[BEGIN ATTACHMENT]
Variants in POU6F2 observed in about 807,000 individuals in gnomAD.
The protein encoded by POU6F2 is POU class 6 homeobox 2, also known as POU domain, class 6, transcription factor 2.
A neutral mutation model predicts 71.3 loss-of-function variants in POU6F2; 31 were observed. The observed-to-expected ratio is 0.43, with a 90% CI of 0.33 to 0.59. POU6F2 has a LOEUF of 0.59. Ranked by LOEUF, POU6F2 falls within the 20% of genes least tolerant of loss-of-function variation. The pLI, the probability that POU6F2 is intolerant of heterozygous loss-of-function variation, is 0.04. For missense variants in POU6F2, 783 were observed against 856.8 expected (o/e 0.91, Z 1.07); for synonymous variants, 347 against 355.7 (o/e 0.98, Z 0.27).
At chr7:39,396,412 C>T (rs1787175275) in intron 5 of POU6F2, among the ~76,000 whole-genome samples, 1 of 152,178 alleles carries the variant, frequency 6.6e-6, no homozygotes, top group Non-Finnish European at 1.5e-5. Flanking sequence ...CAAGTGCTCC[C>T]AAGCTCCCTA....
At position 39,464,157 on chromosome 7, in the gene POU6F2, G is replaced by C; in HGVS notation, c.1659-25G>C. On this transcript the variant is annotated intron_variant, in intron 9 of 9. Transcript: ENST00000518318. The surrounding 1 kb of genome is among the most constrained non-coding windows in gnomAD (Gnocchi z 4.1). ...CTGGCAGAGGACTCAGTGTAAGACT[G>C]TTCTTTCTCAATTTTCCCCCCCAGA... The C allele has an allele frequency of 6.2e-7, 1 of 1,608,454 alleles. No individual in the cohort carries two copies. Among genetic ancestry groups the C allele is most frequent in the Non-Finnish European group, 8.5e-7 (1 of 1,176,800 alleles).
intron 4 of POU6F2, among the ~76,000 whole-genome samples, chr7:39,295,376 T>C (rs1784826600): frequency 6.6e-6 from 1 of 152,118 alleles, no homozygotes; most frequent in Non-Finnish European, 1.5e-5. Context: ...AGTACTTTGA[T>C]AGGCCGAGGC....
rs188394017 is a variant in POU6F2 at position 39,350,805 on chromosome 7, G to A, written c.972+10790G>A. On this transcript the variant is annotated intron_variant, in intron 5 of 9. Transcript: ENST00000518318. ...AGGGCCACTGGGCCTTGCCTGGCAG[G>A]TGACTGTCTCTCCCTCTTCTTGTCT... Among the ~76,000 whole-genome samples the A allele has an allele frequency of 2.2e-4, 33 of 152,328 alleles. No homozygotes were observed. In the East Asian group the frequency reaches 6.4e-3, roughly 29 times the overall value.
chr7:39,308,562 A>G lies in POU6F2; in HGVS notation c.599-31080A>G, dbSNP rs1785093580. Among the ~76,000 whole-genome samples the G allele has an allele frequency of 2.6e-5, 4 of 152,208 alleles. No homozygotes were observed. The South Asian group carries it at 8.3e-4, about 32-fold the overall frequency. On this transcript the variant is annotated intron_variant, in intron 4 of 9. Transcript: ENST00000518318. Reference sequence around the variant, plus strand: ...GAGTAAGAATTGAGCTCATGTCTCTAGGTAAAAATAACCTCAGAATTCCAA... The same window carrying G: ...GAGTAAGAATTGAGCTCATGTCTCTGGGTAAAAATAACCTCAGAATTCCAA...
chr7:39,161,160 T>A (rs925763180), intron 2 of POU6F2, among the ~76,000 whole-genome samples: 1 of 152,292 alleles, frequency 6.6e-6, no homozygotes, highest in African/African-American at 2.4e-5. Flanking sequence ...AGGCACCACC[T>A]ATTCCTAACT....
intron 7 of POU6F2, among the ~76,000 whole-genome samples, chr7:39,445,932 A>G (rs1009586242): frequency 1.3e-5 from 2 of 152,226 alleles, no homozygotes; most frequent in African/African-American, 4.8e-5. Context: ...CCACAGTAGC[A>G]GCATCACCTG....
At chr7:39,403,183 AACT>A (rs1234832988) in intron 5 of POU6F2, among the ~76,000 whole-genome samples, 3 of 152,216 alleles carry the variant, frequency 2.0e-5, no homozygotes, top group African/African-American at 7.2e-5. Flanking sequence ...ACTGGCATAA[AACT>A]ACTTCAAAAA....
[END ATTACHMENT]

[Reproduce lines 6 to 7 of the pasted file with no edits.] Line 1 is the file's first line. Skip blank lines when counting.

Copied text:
intron 4 of POU6F2, among the ~76,000 whole-genome samples, chr7:39,295,376 T>C (rs1784826600): frequency 6.6e-6 from 1 of 152,118 alleles, no homozygotes; most frequent in Non-Finnish European, 1.5e-5. Context: ...AGTACTTTGA[T>C]AGGCCGAGGC....
rs188394017 is a variant in POU6F2 at position 39,350,805 on chromosome 7, G to A, written c.972+10790G>A. On this transcript the variant is annotated intron_variant, in intron 5 of 9. Transcript: ENST00000518318. ...AGGGCCACTGGGCCTTGCCTGGCAG[G>A]TGACTGTCTCTCCCTCTTCTTGTCT... Among the ~76,000 whole-genome samples the A allele has an allele frequency of 2.2e-4, 33 of 152,328 alleles. No homozygotes were observed. In the East Asian group the frequency reaches 6.4e-3, roughly 29 times the overall value.